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Reclassifying "non-habitable" as "habitable"


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We have been told its is very easy to reclassify a "non-habitable" building ( e.g. combined garage/conservatory) into a "habitable" habitable building - indeed we have been advised that we simply need to contact the Centre des Impots Foncier-Cadastre.


Can it really be this simple?


Stefan (09) 

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When I was looking to buy one of the houses we looked at had a 'converted' garage which did not have a declaration de traveaux but was it noted as habital space on the tax side. I didn't go into it in great depth as we decided against the house but as far as I understood there were a number of things in play.

You do need a declaration to change non habital to habital (but many french people just do it) - whether you get the permission will depend on, amongst other things, the size and loction of the plot. For example plots of a given size can only have a house with a certain habital area on it - it your change exceeds that limit they won't give the permission.

In the case of the house we looked at they were quite happy to collect the tax but the change was 'illegal' so the marie was entitled to tell you to change it back at any time - in this case it was suggested that it was unlikely that they would bother but they were entitled to. (I think there was a time limit on this, something like if they had been collecting the tax for 10 years and hadn't told you to change it back they then couldn't)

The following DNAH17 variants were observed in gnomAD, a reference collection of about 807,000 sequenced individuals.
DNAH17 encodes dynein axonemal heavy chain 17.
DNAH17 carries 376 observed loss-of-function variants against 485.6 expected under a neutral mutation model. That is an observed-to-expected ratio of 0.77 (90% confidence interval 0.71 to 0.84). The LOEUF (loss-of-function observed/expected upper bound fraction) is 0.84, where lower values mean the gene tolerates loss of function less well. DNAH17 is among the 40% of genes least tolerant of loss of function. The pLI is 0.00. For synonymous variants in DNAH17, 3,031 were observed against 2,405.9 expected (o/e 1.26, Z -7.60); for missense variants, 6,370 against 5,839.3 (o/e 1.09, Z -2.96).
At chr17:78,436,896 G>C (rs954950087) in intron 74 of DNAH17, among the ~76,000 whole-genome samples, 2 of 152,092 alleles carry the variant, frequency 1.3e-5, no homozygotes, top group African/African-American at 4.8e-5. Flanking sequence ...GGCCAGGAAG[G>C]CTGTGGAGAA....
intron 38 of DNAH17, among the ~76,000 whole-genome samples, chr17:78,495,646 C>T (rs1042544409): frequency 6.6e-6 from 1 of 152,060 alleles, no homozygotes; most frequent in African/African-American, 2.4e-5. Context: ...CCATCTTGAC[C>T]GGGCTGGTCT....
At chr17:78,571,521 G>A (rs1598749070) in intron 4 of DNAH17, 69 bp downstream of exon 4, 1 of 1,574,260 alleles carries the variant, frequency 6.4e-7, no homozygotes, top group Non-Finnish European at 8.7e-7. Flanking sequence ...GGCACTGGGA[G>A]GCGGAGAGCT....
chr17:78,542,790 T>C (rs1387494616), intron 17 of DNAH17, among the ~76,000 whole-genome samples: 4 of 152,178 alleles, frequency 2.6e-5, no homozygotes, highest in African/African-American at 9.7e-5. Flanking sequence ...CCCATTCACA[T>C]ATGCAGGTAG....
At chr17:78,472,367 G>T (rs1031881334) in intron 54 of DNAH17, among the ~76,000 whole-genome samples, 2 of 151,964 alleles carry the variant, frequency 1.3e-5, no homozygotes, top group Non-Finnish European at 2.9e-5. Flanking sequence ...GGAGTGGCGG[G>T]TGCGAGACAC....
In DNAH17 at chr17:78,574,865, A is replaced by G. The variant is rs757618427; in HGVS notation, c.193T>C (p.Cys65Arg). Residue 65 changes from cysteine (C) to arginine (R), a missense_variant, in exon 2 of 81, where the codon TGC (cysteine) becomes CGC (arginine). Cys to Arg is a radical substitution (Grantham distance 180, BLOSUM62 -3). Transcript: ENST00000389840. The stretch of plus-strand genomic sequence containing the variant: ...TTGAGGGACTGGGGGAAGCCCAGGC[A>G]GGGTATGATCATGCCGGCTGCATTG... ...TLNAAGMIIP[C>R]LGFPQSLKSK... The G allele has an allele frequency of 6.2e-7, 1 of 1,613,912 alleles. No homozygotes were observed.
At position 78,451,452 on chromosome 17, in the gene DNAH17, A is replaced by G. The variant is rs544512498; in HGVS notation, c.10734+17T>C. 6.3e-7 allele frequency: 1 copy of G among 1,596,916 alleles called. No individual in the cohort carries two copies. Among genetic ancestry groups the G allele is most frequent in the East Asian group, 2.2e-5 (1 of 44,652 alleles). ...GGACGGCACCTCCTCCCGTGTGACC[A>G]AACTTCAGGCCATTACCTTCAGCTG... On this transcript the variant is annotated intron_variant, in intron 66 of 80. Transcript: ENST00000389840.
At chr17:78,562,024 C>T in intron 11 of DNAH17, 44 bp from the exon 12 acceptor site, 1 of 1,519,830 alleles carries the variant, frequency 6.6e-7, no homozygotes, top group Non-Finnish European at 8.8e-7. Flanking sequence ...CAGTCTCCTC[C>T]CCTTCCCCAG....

All in all check with the Marie, they are usually quite helpful. If you were to do and keep quiet it might cause problems when you came to sell as the buyers are likely to insist that it is correctly declared as part of the sale as this means they cannot be fined for doing work without permission - though they can still be told to change it back again.

Another house we looked at had converted the loft without permission and as this was the equivelent of a listed property they had been told to change it back again, they hadn't. This rendered the house effectively unsaleable - the phrase used was 'No french person would ever touch it with that entry on the records.'

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